How to Determine If You're Saving Enough For Retirement
Whether you’re just starting out, in midcareer, or nearing retirement, there are steps you should be taking to plan for retirement.
- Do you have a plan and are you saving enough?
- Do you have the right mix of investments to help reach your goals?
- How will you generate enough income to cover living and healthcare costs?
The following steps can help you answer these questions and stay on track to achieve your goals for retirement.
Step 1: Define and Prioritize Your Goals
If you’re just starting your career, or five to 10 years into it, you may be paying off student loans, starting a family, or saving for a down payment on a home. As a result, many people simply delay saving for retirement until it’s too late to make up for lost time. You need a plan that allows you to start saving early in your career, greatly reducing the financial burden and uncertainty later in life.
“I work with a lot of clients who are in their 20s and 30s, and they are trying to plan for the long term,” says Kelly Kratz, a financial consultant for TIAA-CREF. “All of their dreams are different of course, but it can be a challenge when you’re trying to balance your life and figure out where you should be putting your money right now. Should you be saving for education, other things, now? How should you prioritize your retirement?”
How we can help: At no additional cost, one of our experienced financial consultants can offer our customized, objective advice to help you prepare for key life events and retirement by:
- Balancing your spending priorities
- Developing a step-by-step action plan with realistic savings goals
Step 2: Save on a Regular Basis - Don’t Wait for the “Perfect Time”
“A common mistake is waiting for that ‘perfect time’ to start saving for retirement,” says Joe Wilson, a financial advisor for TIAA-CREF. “Younger people may be waiting to start once they have enough to make a down payment on a home or finish paying for a child’s day care. But there’s no such thing as a perfect time for investing.”
Instead, Wilson works with clients to create a personalized report from TIAA-CREF offering practical ways to reduce current spending, increase income, and balance savings priorities. A key point: The sooner you start saving, the more time for earnings to grow through the benefits of compounding in a tax-deferred account, such as a retirement plan or IRA.
Important points to remember:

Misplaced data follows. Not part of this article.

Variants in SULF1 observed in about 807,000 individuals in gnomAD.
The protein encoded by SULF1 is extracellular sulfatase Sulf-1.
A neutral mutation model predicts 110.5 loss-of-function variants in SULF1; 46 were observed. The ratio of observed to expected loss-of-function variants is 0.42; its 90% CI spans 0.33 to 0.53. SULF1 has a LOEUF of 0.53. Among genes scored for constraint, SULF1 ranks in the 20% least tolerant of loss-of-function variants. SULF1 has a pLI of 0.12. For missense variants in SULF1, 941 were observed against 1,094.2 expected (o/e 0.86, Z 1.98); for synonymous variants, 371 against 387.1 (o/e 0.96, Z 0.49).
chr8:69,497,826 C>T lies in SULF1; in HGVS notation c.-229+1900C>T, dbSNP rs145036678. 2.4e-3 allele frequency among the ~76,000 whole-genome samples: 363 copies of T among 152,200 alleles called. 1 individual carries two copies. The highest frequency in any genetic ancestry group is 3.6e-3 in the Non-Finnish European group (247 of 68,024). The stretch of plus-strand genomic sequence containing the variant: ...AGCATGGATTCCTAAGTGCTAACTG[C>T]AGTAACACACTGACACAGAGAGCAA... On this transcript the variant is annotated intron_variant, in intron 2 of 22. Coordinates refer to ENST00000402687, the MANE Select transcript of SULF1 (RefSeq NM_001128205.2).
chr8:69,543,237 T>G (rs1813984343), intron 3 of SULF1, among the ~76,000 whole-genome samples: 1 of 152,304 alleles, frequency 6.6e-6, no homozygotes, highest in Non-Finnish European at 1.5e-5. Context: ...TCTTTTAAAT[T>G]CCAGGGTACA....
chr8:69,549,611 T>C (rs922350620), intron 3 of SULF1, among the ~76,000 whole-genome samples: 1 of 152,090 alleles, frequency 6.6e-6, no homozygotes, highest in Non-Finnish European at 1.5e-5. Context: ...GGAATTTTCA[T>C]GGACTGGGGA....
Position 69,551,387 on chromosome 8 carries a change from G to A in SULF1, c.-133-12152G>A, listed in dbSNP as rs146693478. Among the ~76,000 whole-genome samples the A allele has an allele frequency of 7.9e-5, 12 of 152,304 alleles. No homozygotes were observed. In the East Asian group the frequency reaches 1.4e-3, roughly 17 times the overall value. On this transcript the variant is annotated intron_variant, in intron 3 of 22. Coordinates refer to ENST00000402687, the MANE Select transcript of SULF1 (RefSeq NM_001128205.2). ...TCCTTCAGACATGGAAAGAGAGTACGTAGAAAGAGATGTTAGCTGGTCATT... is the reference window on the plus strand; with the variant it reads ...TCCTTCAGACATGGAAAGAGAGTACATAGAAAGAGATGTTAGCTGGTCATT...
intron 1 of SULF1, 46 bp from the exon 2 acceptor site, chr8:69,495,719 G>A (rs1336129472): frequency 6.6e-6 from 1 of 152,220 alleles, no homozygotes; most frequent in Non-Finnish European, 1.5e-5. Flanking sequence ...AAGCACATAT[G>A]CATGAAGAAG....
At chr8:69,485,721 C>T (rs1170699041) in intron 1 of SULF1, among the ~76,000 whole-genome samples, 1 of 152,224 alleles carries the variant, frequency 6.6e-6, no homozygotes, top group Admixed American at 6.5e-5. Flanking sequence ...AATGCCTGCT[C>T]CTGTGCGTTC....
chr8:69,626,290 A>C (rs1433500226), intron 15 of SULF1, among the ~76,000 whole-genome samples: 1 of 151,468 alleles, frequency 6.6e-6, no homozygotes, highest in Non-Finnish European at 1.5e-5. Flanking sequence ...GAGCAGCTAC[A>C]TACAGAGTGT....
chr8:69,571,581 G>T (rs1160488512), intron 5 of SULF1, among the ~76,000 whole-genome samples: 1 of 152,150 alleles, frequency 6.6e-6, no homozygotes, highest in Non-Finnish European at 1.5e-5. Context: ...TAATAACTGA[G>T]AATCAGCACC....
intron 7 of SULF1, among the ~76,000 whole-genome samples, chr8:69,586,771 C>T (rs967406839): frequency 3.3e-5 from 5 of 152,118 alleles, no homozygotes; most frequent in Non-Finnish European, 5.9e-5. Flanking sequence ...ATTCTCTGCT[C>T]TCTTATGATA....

- A TIAA-CREF retirement plan is portable, so you don’t lose your vested retirement savings when you change jobs.
- If your employer’s retirement plan offers matching contributions, you should contribute at least enough to qualify for 100% of the match. Otherwise, you’re losing money that can help your savings grow faster. But keep in mind you can contribute whatever you feel you’re able and still qualify for part of the match.
- To make saving easier, automate your contributions through payroll deduction and consider increasing contributions by the amount you’re saving from the 2% cut in the Social Security deduction for 2011.
Step 3: Make Sure You’ve Set Up Your Retirement Plan the Right Way
Once you determine how much to contribute, decide how to divide up your money among different investments, such as stocks, bonds, real estate and guaranteed accounts. This requires determining your goals, when you plan to retire, and your tolerance for short-term losses caused by market fluctuations.
Our personalized advice takes into account your entire retirement savings and investment strategy.* Based on objective criteria, TIAA-CREF’s financial consultants can recommend an investment portfolio tailored to your personal needs, following up with adjustments during annual financial checkups.
“We want to make sure that we give you advice related to your risk tolerance and time horizon, and we really want you to meet with us at least annually to make sure that you stay on course,” says Al Gonzalez, a financial advisor at TIAA-CREF.
If you’re looking for a simplified approach to investing for retirement, consider TIAA-CREF Lifecycle Funds. You only have to choose the fund matching your expected retirement date. All other investment decisions are handled automatically, including shifting to a more conservative mix of investments as you move closer to retirement. As with all mutual funds, the principal value in a Lifecycle Fund is not guaranteed. Also, please note that the target date of the Lifecycle Fund is an approximate date when investors plan to begin withdrawing from the fund.
To set up a consultation, contact us.